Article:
By Warren Smith & Anne Marie Werner-Smith
Since 2005 Canterbury has been sponsoring an outreach for the Anglican Church in Kenya, in the coastal province of Mombasa. This is an overview of the project.
We have been working under two bishops, Rt. Rev. Lawrence Dena, formerly assistant bishop of Mombasa, now Bishop of Malindi; and Julius Kalu, Bishop of Mombasa. Each of them in the course of the last decade has visited New Mexico and spoken at Canterbury.
Our first project was fundraising to help restore St. Luke’s Hospital, built in a rural area by the Christian Mission Society in the 1930’s. Once a major hospital in East Africa, St. Luke’s had fallen into disrepair and decay when we visited them in 2005. Their generator did not work and they sometimes had to operate by flashlight. Their nursing school wanted to upgrade from a certificate to a diploma school but lacked a vehicle to transport the nurses to other health facilities to do their practicum. We raised funds through Canterbury and other churches to buy a generator and a bus for the nursing school. The bus cost about the equivalent of $62,000. The hospital raised half of this on their own and about $30,000 came from churches in our diocese including St. Michael and All Angels, St. Chad’s, and Epiphany in Socorro. With this help and the use of fund raising at Convention, Deanery support and Canterbury generosity, the St. Luke’s Nursing school and Hospital are fully staffed with modern equipment, have now received certification and are running at full capacity. They have traded in the bus for a larger one. Last year we visited the hospital and were thrilled to see it thriving.
The second project was assistance to Bishop Hannington Institute, a diploma school under the direction of St. Paul’s United Theological University. Warren taught at BHI 2010-2011 and again in 2012. We have offered and continue to offer scholarships at BHI; in 2011 we bought them a copy machine which they still use as a moneymaking device; we have also bought them computers; and we enabled them to get an e-book service for their library so that they will no longer have to literally manufacture their own textbooks. Under the leadership of Dr. Martin Olando as principal BHI has become a financially sound institution and Martin has opened up fundraising sources in the UK, and as he undertakes a new building program and expands his curriculum he no longer relies so heavily on our support.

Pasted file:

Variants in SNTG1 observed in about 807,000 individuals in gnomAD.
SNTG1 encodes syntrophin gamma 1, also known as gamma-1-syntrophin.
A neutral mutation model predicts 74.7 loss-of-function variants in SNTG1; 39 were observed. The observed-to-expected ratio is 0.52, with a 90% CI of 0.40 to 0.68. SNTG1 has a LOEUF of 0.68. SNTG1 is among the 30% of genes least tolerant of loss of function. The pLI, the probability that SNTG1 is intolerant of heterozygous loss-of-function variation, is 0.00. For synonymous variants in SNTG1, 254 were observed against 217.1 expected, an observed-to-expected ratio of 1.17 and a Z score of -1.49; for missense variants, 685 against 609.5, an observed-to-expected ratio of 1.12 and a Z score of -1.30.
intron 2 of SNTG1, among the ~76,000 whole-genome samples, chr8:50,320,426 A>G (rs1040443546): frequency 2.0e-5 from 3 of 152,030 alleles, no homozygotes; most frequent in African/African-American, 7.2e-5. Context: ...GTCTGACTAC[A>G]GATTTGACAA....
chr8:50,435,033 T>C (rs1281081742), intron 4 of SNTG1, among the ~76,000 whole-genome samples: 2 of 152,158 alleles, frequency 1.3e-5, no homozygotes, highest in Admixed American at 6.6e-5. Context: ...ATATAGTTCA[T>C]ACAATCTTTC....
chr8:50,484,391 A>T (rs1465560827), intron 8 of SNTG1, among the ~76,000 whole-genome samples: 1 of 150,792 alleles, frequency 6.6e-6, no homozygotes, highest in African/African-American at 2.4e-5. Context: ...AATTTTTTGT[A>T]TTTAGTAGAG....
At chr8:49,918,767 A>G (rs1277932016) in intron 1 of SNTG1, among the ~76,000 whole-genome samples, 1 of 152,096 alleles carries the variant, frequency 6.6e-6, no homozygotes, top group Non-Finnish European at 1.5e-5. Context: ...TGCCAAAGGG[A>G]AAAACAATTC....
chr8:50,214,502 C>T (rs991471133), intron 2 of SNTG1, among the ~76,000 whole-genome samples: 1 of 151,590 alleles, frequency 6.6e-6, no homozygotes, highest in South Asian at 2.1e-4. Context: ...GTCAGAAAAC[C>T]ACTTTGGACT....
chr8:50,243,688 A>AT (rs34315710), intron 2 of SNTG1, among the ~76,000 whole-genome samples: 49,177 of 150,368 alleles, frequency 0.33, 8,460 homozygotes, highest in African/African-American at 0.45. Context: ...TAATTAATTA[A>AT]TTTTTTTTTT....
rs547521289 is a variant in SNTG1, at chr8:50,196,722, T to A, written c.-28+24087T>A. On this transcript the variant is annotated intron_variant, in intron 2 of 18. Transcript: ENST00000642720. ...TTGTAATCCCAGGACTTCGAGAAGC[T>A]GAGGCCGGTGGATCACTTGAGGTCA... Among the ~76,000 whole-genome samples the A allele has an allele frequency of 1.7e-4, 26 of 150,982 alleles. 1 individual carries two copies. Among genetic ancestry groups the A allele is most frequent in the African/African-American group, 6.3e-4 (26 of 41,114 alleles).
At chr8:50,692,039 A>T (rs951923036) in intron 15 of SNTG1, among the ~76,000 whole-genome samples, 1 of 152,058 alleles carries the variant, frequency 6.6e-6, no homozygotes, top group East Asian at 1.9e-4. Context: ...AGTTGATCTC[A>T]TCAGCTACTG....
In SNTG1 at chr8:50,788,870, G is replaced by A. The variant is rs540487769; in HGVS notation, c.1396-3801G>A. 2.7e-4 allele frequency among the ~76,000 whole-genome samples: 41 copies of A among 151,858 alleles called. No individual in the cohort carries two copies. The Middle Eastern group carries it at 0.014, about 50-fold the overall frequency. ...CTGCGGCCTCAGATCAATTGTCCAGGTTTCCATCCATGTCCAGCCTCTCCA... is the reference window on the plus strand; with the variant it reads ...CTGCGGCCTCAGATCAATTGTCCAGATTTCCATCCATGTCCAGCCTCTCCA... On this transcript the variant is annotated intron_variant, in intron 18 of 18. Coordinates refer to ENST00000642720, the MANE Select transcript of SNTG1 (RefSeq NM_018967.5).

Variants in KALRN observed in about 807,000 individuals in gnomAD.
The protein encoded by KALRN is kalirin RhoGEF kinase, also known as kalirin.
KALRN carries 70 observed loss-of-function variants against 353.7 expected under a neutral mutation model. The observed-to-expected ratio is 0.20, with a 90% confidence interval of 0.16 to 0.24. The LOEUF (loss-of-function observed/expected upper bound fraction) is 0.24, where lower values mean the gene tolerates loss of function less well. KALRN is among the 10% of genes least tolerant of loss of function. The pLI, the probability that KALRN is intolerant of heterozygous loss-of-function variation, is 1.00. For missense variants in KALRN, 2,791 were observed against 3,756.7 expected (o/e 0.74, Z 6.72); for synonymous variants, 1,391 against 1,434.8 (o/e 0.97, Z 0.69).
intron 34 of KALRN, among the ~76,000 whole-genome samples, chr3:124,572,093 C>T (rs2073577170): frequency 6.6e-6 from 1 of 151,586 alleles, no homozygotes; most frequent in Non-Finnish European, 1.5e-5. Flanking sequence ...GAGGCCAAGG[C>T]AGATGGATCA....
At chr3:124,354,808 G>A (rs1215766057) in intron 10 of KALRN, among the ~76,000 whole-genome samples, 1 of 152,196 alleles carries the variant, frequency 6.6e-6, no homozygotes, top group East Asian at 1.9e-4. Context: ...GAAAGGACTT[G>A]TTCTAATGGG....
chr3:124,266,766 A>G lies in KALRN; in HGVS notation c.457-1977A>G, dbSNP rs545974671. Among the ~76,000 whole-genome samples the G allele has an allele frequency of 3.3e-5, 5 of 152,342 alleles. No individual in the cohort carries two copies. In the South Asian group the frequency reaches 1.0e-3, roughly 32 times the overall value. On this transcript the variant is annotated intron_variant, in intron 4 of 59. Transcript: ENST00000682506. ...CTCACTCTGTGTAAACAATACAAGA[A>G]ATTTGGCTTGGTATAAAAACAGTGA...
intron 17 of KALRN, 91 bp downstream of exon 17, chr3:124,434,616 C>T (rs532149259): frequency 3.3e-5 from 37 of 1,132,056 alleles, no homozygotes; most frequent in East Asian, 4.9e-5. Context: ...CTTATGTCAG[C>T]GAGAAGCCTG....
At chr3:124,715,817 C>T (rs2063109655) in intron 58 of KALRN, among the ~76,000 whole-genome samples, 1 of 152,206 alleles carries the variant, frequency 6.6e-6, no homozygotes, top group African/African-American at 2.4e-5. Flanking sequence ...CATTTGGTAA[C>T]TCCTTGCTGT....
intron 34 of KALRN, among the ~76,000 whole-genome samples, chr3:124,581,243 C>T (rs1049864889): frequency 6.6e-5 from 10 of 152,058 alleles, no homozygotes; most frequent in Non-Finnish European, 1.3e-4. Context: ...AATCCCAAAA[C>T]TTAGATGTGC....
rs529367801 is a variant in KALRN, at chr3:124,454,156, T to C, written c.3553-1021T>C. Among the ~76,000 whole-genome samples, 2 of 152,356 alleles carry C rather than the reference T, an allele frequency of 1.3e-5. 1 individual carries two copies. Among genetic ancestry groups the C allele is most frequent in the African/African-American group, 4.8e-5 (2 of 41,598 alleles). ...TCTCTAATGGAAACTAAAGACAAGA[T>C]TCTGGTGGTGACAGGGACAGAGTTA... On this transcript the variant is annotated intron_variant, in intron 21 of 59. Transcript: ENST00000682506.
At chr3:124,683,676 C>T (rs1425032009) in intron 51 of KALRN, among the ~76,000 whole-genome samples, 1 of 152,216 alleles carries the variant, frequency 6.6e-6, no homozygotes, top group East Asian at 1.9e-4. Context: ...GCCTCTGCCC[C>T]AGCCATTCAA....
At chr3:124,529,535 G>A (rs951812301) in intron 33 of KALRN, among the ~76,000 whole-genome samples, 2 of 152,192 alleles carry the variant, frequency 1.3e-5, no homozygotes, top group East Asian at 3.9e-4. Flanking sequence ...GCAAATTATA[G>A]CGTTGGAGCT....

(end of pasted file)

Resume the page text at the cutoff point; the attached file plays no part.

Thirdly, we began in 2012 the purchase of motorbikes for priests serving in remote areas; the first was for Fr. James, a priest who was serving several parishes in the town of Aruba in the Mombasa diocese. A motorbike can be purchased for about USD $1300. Now that Bishop Dena is now serving in the new northern province of Malindi, which borders on Somalia, we have bought three more motorbikes for his priests. This is an exciting ministry of empowerment for priests who sometimes feel in isolation or abandoned. Bishop Dena is now seeking other sources for this funding including Rev. Paul Lawson, former rector of Canterbury.
Before the end of 2016 we will make one more payment to the church in Kenya which should be enough for the purchase of another bike for Malindi and two more scholarships for BHI. We are phasing out this ministry in view of the stability of the institutions in Kenya and the greater need closer to home. We will continue to sell cloth, jewelry, and Anne Marie’s pottery at the Christmas sale in December and again at Mother’s Day. God has prepared us to move on to new challenges and Canterbury will still have an active African ministry in the Faith Alive Nigerian project of Sally Barlow and Pam Brown.